Brent Bozell

"I think it's fascinating," he said. "You've got all these people (read: conservative talk show hosts Limbaugh, Levin, Hannity, O'Reilly, etc.) that sat there and said nothing while Republicans darted recklessly left with their spending, and suddenly, they are the arbiters of who's conservative. And you can only be conservative by being intolerant, by waving your arms around, by screaming, by calling the president a racist or a Nazi or a communist. Come on!"

From beginning to end, that statement is demonstrably false, a rather pathetic cheap shot, more and more resembling something custom-made for MSNBC. And Scarborough wonders why conservatives grow weary of him.

Scarborough apparently liked what he said because he repeated the ad hominem attacks in the Feb. 1 edition of Newsweek, where he was commissioned to write an article trashing the Tea Party movement. The title: "Is the Tea Party Over?" A snippet: "And in those throngs I also saw the faces of talk-show fans, pushed into action by the apocalyptic warnings of personalities like Rush Limbaugh and Glenn Beck. Those two right-wing talkers had spent the past year telling listeners that the Democratic president was a racist who somehow managed to find the time also to be a Nazi and a communist."

And then there's Sarah Palin. He's repeatedly insulted her, then publicly whined about conservatives being upset with him. Try this nugget: "It is such a disservice to compare Sarah Palin in any aspect to Howard Dean. Yes, because that is an insult to Howard Dean's intelligence."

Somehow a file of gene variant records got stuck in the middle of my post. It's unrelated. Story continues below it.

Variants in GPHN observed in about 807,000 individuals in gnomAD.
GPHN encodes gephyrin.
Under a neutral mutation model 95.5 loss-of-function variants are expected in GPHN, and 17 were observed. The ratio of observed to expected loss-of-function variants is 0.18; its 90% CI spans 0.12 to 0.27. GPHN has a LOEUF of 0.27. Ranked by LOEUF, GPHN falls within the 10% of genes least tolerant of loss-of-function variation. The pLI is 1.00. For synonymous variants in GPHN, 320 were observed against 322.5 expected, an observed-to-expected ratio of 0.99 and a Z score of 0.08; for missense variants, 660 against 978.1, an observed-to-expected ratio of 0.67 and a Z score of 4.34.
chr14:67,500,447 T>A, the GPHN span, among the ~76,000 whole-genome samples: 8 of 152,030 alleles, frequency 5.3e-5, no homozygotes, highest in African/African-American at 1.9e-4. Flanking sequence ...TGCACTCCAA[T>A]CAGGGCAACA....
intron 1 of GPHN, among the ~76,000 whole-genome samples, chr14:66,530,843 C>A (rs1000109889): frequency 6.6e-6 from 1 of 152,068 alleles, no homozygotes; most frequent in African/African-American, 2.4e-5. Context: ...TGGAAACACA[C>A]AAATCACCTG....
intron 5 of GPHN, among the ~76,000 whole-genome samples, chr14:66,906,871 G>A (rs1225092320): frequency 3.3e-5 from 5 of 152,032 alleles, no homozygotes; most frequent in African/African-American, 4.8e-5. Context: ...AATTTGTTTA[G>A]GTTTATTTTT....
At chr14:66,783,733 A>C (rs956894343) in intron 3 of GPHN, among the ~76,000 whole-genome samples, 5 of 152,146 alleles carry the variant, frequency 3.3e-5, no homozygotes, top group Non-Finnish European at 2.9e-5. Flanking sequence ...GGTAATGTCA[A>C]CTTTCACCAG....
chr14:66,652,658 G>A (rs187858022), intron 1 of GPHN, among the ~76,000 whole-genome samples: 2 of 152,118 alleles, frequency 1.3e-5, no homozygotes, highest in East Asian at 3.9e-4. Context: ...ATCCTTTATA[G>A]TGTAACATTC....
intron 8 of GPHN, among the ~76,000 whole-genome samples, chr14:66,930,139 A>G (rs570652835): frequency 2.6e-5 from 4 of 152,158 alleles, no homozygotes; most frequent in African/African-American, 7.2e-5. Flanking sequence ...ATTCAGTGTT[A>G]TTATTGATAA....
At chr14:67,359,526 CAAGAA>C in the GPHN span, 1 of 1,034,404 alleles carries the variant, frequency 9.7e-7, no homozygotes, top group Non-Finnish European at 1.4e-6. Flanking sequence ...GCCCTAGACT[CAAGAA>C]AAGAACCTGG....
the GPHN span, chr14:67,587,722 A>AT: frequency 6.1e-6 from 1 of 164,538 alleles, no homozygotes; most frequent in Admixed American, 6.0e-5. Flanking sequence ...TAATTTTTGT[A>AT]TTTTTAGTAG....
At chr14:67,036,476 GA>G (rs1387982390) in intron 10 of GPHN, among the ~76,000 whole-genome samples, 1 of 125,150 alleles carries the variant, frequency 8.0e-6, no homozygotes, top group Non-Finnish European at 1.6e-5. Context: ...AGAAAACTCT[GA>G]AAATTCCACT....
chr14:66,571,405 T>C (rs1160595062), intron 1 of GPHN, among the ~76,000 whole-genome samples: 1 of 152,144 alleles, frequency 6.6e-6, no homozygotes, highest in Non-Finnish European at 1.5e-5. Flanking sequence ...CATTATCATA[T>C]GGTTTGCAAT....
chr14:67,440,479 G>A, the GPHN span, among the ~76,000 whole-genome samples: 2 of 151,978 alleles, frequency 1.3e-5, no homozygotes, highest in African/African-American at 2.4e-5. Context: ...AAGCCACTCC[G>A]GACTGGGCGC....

Last week, he publicly bashed Fox's Bill Sammon for saying the media "hate" Palin with a rambling, condescending diatribe about how "they don't hate her," only to conclude that "they hated her in the press early on without knowing her because she was a pro-life woman," thus making Sammon's point.

Last week was the topper. He analyzed Fox News Sunday's interview with Palin: "Look at the end of Chris Wallace's interview where he rolls his eyes, embarrassed. There's no doubt he is ... Chris is sending a message to all his friends: yes, I know. She is not a serious thinker."

Wallace had a message, all right. Asked if he'd rolled his eyes, he shot back: "No is the quick answer to that. Secondly, let me just say that Joe Scarborough lives out where the trolleys don't run at night. The last time I heard of somebody getting that kind of secret message, it was Son of Sam hearing from a Labrador retriever that he should go out and shoot people. And I think that Morning Joe definitely needs to switch to decaf."

Brent Bozell

Founder and President of the Media Research Center, Brent Bozell runs the largest media watchdog organization in America.
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